Rich and Boukary were also able to attend a research workshop at the National Stadium on a recent study carried out by Coaching for Hope, another organisation working in sport and development in Burkina Faso. This study focused on the accessibility of sport for people with disabilities. It proved useful to hear their insights and findings, as well as the responses and criticisms by professors and other researchers within the room. We have taken on board some of their ideas (conducting focus groups, etc.) and have also reflected on some of our own research problems. A main concern of those attending the workshop was the Ouaga-centric nature of research into disability sport which we attempted to circumvent through planning to research across much of the country. This made us all the more anxious to hear back from IS HQ in Burkina about the budget for our visits, which fortunately proved to be good news.


Example pages of our questionnaire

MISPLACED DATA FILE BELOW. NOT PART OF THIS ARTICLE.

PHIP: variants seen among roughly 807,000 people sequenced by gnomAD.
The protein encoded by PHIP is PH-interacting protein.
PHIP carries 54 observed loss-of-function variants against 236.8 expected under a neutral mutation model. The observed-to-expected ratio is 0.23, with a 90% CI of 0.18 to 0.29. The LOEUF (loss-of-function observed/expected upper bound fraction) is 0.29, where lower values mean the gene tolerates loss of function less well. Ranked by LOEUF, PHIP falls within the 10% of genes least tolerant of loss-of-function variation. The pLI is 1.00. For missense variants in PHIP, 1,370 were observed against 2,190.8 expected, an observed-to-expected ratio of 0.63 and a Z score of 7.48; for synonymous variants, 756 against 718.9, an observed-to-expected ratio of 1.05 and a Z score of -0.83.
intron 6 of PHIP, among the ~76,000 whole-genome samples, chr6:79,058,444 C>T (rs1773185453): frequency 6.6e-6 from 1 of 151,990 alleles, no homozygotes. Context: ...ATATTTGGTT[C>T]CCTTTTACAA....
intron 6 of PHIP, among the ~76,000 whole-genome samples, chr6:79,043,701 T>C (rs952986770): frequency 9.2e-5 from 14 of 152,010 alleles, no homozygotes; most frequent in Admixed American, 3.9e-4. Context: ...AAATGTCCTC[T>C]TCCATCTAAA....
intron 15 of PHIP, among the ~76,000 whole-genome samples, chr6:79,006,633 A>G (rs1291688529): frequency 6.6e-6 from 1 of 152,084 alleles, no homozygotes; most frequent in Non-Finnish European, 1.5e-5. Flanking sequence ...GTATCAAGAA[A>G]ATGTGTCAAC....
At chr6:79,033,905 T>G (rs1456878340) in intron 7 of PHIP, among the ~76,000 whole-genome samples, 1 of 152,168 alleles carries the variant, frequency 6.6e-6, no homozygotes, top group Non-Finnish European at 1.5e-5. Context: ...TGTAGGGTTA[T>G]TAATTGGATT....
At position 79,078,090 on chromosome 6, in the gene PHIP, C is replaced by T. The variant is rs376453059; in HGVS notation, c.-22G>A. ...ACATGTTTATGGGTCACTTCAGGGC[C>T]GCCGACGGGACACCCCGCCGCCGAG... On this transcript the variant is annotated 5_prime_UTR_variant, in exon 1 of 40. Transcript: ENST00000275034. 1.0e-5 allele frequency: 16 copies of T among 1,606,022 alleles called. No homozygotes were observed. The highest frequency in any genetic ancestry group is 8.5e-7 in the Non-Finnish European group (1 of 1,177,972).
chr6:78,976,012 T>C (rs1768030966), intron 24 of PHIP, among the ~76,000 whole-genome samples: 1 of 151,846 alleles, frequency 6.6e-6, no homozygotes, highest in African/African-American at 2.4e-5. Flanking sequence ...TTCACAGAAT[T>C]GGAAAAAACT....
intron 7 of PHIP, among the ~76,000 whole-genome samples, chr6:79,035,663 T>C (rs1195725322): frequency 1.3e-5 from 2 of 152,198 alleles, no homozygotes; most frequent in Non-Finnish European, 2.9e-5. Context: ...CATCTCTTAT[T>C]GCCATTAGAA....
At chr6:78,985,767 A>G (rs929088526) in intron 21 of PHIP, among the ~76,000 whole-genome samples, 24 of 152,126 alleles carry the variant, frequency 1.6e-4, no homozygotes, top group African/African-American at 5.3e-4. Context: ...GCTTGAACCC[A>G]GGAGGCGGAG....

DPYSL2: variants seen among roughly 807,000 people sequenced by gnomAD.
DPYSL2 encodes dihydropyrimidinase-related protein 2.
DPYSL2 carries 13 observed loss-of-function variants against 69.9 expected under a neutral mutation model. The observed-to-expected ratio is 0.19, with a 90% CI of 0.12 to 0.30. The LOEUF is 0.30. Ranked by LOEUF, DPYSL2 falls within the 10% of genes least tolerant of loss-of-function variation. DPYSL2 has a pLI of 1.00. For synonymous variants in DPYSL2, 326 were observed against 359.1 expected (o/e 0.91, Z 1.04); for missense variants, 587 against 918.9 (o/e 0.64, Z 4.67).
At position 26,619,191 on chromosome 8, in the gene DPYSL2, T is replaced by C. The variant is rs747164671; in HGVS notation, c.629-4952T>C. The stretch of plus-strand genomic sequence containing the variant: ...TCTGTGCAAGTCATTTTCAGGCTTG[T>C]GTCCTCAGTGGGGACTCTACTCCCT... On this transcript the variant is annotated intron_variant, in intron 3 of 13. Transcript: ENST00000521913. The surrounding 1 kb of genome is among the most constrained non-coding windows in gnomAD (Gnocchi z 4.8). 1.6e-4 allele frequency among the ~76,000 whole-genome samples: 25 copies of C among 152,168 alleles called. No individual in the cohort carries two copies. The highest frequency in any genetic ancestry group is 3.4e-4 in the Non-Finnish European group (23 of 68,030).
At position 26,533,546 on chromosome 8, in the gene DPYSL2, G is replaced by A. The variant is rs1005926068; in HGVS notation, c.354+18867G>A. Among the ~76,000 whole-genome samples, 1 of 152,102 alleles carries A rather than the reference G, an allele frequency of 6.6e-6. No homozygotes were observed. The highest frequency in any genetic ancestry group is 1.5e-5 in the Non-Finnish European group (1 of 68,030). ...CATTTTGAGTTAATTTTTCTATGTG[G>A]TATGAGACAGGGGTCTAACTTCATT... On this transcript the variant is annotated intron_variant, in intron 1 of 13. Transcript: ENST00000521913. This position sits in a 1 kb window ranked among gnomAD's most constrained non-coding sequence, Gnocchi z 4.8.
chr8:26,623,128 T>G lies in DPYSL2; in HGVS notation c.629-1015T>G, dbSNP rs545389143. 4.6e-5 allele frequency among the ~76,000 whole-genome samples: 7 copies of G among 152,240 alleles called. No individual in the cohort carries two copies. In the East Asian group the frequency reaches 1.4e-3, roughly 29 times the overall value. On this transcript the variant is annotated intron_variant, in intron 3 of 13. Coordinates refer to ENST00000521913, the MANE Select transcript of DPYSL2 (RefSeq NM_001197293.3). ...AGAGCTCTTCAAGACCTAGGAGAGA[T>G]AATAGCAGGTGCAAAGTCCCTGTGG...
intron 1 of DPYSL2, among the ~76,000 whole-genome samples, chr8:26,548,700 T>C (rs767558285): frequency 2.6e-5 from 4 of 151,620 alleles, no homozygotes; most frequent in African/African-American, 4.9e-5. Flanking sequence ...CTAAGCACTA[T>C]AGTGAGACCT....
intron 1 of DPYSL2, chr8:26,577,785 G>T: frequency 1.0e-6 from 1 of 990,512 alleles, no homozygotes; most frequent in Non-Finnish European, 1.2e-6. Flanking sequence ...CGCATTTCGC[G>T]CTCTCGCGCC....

When organising where we would be visiting across the country, our team split into two groups for cost and time effectiveness. Last week, Boukary, Steve, Rich and Ruth travelled to Bobo-Dioulasso (regularly referred to as Bobo) alongside Federation member Roger. Bobo is Burkina Faso’s second city, five hours southwest of Ouagadougou. The city itself is different from Ouaga in terms of climate and environment – there is a lot of greenery and wildlife, and Bobo really is a fascinating place with a great feel to it. Laura, Rachel, Rasmane and Mahamadi travelled with the Technical Director of the Federation, Henry, to both Koupela and Tenkodougou, towns a few hours south of Ouagadougou.